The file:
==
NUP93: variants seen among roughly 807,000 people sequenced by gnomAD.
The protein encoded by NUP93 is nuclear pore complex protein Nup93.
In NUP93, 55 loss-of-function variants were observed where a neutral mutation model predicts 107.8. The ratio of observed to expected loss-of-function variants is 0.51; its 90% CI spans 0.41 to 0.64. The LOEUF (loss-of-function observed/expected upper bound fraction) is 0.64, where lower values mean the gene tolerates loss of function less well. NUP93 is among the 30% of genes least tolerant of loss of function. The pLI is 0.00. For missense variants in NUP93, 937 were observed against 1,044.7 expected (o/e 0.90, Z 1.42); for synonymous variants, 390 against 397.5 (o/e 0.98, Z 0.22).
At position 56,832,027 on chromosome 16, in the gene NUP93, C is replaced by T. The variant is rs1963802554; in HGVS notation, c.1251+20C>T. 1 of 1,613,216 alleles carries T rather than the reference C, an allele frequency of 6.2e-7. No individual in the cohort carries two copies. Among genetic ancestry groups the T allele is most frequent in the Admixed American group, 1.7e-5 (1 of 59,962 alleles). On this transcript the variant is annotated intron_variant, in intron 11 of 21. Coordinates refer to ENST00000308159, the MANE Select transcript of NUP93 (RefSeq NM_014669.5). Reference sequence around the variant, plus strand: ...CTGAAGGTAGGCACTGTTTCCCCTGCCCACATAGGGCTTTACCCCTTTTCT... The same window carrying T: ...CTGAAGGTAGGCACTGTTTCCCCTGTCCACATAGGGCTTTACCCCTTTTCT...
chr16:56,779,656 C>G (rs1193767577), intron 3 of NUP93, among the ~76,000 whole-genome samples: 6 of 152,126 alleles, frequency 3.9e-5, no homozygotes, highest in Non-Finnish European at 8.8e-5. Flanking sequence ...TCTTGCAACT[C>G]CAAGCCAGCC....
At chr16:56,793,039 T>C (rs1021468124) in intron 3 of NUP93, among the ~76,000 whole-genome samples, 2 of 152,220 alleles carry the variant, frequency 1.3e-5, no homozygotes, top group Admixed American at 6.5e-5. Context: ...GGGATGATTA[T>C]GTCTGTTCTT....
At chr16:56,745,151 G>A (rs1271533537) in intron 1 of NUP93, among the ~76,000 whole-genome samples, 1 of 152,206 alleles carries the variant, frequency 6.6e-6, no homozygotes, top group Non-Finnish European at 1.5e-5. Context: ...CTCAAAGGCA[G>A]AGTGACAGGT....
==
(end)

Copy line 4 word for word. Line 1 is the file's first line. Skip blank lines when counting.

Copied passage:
At position 56,832,027 on chromosome 16, in the gene NUP93, C is replaced by T. The variant is rs1963802554; in HGVS notation, c.1251+20C>T. 1 of 1,613,216 alleles carries T rather than the reference C, an allele frequency of 6.2e-7. No individual in the cohort carries two copies. Among genetic ancestry groups the T allele is most frequent in the Admixed American group, 1.7e-5 (1 of 59,962 alleles). On this transcript the variant is annotated intron_variant, in intron 11 of 21. Coordinates refer to ENST00000308159, the MANE Select transcript of NUP93 (RefSeq NM_014669.5). Reference sequence around the variant, plus strand: ...CTGAAGGTAGGCACTGTTTCCCCTGCCCACATAGGGCTTTACCCCTTTTCT... The same window carrying T: ...CTGAAGGTAGGCACTGTTTCCCCTGTCCACATAGGGCTTTACCCCTTTTCT...